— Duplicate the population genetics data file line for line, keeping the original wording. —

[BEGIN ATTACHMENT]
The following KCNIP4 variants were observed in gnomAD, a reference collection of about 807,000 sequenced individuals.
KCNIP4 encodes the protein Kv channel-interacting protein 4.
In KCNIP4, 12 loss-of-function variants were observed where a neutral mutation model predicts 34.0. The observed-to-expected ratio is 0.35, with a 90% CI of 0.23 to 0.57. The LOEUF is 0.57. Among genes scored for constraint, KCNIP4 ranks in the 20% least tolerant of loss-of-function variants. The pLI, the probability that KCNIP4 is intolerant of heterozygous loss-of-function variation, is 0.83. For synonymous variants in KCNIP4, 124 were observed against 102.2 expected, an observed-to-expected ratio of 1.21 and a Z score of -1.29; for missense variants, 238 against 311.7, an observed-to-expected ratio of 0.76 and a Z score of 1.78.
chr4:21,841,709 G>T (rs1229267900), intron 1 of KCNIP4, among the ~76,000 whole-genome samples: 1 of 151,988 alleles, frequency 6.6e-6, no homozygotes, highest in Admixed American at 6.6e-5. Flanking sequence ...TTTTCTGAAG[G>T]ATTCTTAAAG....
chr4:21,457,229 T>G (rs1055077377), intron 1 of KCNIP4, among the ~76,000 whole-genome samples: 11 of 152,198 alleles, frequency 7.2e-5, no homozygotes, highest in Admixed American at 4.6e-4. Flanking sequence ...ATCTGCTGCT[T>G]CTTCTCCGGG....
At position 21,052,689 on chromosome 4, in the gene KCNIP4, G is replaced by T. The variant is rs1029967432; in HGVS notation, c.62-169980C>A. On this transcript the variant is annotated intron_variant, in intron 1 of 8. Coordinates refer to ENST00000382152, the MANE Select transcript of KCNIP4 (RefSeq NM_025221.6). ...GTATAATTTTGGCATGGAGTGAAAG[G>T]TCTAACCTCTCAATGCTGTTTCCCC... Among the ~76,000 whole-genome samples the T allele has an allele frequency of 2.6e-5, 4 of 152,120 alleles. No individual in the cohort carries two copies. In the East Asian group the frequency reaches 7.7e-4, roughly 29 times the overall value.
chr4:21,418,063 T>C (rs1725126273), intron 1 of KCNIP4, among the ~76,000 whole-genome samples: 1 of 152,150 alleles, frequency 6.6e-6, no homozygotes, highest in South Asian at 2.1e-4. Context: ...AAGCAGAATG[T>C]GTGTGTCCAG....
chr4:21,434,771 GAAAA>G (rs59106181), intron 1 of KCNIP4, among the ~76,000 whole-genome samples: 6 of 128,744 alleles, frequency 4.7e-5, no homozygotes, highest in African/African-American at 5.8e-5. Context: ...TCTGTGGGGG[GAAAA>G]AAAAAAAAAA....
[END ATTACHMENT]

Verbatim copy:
The following KCNIP4 variants were observed in gnomAD, a reference collection of about 807,000 sequenced individuals.
KCNIP4 encodes the protein Kv channel-interacting protein 4.
In KCNIP4, 12 loss-of-function variants were observed where a neutral mutation model predicts 34.0. The observed-to-expected ratio is 0.35, with a 90% CI of 0.23 to 0.57. The LOEUF is 0.57. Among genes scored for constraint, KCNIP4 ranks in the 20% least tolerant of loss-of-function variants. The pLI, the probability that KCNIP4 is intolerant of heterozygous loss-of-function variation, is 0.83. For synonymous variants in KCNIP4, 124 were observed against 102.2 expected, an observed-to-expected ratio of 1.21 and a Z score of -1.29; for missense variants, 238 against 311.7, an observed-to-expected ratio of 0.76 and a Z score of 1.78.
chr4:21,841,709 G>T (rs1229267900), intron 1 of KCNIP4, among the ~76,000 whole-genome samples: 1 of 151,988 alleles, frequency 6.6e-6, no homozygotes, highest in Admixed American at 6.6e-5. Flanking sequence ...TTTTCTGAAG[G>T]ATTCTTAAAG....
chr4:21,457,229 T>G (rs1055077377), intron 1 of KCNIP4, among the ~76,000 whole-genome samples: 11 of 152,198 alleles, frequency 7.2e-5, no homozygotes, highest in Admixed American at 4.6e-4. Flanking sequence ...ATCTGCTGCT[T>G]CTTCTCCGGG....
At position 21,052,689 on chromosome 4, in the gene KCNIP4, G is replaced by T. The variant is rs1029967432; in HGVS notation, c.62-169980C>A. On this transcript the variant is annotated intron_variant, in intron 1 of 8. Coordinates refer to ENST00000382152, the MANE Select transcript of KCNIP4 (RefSeq NM_025221.6). ...GTATAATTTTGGCATGGAGTGAAAG[G>T]TCTAACCTCTCAATGCTGTTTCCCC... Among the ~76,000 whole-genome samples the T allele has an allele frequency of 2.6e-5, 4 of 152,120 alleles. No individual in the cohort carries two copies. In the East Asian group the frequency reaches 7.7e-4, roughly 29 times the overall value.
chr4:21,418,063 T>C (rs1725126273), intron 1 of KCNIP4, among the ~76,000 whole-genome samples: 1 of 152,150 alleles, frequency 6.6e-6, no homozygotes, highest in South Asian at 2.1e-4. Context: ...AAGCAGAATG[T>C]GTGTGTCCAG....
chr4:21,434,771 GAAAA>G (rs59106181), intron 1 of KCNIP4, among the ~76,000 whole-genome samples: 6 of 128,744 alleles, frequency 4.7e-5, no homozygotes, highest in African/African-American at 5.8e-5. Context: ...TCTGTGGGGG[GAAAA>G]AAAAAAAAAA....